REVIEW: The Woman in the Library

If I can only recommend one book this year, this might be a contender. I consider this to possibly be the best crime/mystery book I’ve ever read.


The Woman in the Library
by Sulari Gentill

BOOK SUMMARY

In every person’s story, there is something to hide…

The ornate reading room at the Boston Public Library is quiet, until the tranquility is shattered by a woman’s terrified scream. Security guards take charge immediately, instructing everyone inside to stay put until the threat is identified and contained. While they wait for the all-clear, four strangers, who’d happened to sit at the same table, pass the time in conversation and friendships are struck. Each has his or her own reasons for being in the reading room that morning—it just happens that one is a murderer.

Award-winning author Sulari Gentill delivers a sharply thrilling read with The Woman in the Library, an unexpectedly twisty literary adventure that examines the complicated nature of friendship and shows us that words can be the most treacherous weapons of all. 

BOOK REVIEW

A copy of this book was provided by NetGalley in exchange for an honest review.

Rating: 5 out of 5.

This is a book I’ll definitely remember.

It opens in a strange way. A writer named Leo is writing to Hannah, and you learn that they have an established relationship of some kind. It seemed a little out of place, but you go along with it. Then you’re introduced to Freddie in the library, where the title made a bit more sense. You wonder if the book is printed right.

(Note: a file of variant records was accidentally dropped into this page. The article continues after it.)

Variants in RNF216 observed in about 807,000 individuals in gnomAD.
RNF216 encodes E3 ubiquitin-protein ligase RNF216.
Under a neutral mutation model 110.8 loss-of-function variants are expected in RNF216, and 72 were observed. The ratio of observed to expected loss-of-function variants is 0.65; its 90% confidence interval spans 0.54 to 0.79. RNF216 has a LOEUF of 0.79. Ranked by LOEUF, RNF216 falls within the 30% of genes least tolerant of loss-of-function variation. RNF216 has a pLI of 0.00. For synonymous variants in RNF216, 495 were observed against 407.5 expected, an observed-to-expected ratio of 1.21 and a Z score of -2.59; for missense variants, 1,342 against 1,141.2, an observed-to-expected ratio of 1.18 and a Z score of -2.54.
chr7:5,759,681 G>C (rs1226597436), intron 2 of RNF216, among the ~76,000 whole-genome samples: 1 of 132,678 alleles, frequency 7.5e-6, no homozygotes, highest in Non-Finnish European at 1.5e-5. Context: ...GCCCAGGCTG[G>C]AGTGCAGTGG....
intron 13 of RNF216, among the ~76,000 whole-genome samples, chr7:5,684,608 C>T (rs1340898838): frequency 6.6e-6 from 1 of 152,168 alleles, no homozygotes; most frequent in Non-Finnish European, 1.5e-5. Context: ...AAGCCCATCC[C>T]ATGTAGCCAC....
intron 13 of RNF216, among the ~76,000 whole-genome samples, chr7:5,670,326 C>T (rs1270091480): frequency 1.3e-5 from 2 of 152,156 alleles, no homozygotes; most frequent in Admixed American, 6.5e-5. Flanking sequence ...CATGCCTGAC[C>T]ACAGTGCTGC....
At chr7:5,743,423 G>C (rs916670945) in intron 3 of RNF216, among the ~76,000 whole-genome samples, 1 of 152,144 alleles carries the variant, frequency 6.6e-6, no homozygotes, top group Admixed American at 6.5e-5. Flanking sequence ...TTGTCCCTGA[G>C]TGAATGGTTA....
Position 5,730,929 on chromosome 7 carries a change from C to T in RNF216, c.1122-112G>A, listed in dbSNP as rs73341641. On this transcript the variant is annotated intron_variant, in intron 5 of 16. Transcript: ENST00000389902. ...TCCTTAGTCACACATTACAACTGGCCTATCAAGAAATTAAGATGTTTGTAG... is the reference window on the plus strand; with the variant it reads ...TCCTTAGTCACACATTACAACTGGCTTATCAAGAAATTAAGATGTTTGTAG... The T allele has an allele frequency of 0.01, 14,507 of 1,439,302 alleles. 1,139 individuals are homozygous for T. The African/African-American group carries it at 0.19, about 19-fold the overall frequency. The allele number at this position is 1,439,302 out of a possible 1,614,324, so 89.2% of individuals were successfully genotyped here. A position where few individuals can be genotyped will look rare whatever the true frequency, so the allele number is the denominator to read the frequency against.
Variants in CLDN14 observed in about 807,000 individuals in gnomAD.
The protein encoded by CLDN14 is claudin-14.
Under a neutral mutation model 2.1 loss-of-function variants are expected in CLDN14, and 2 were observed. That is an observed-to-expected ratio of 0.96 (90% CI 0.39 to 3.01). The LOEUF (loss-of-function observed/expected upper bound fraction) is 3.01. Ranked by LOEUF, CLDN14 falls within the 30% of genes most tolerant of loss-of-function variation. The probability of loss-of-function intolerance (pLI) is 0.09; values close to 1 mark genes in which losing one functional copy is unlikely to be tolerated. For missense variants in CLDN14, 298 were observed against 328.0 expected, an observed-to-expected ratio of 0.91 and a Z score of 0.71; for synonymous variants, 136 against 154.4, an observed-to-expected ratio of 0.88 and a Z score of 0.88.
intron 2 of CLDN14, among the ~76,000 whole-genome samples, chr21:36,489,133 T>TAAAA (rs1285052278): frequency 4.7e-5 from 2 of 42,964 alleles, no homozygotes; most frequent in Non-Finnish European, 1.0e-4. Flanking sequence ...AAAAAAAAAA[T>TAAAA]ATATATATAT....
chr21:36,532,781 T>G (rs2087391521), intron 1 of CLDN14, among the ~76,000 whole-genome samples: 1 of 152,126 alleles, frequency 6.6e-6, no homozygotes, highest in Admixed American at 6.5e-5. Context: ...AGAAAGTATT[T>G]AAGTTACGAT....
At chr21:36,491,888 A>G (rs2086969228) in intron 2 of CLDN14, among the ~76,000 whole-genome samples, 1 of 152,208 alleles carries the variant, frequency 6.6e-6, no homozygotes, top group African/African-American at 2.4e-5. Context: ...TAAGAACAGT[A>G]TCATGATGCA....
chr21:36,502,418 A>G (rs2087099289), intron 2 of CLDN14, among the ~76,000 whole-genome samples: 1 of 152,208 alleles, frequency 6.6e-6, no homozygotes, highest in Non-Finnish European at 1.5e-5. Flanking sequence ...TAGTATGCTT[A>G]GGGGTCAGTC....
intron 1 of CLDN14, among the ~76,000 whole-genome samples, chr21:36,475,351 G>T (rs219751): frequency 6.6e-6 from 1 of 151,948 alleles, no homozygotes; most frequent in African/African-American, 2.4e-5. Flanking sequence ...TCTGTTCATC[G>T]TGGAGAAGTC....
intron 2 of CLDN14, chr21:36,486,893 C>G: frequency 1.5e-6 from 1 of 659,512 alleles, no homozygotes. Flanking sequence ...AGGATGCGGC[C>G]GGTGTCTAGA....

Then, just as you’re about to finish Chapter One, you see the following letter from Leo, complimenting the recipient and giving American cultural pointers. It breaks the 4th wall, takes a meta turn and ruined all initial understanding of what a story is. Suddenly, you have no idea what you’ve signed up for.

I didn’t expect to be immediately drawn to the story by Hannah’s first paragraph. In her manuscript, the main character, Freddie, is a writer who was turning to the people around her in the Boston Public Library as her muse for a story she was writing. We are then introduced to Freud Girl, a psychology student whose arms were heavily tattooed, Heroic Chin, a law student whose looks reminded her of a typical hero, and Handsome Man, another writer who she is drawn to immediately. Then a woman’s scream broke out in the library, leaving these four confused and it seems like an appropriate way to start a conversation with these strangers.

Leo’s letters were a great addition to the storyline. I love the foreshadowing of having 3 potential suspects, and how each person had developed reasons why they would be suspicious. The events were so meticulously planned and everything seemed to be working against them. There were so many questions, suspicions, and twists and turns at every corner. I’ve doubted everyone, even the protagonist, Freddie.

Leo’s letters made this book stand out from all the other mysteries I’ve read so far. And while I have no clue what inspired the author to include such a plot, I’m absolutely grateful for it.

I definitely, highly recommend it.

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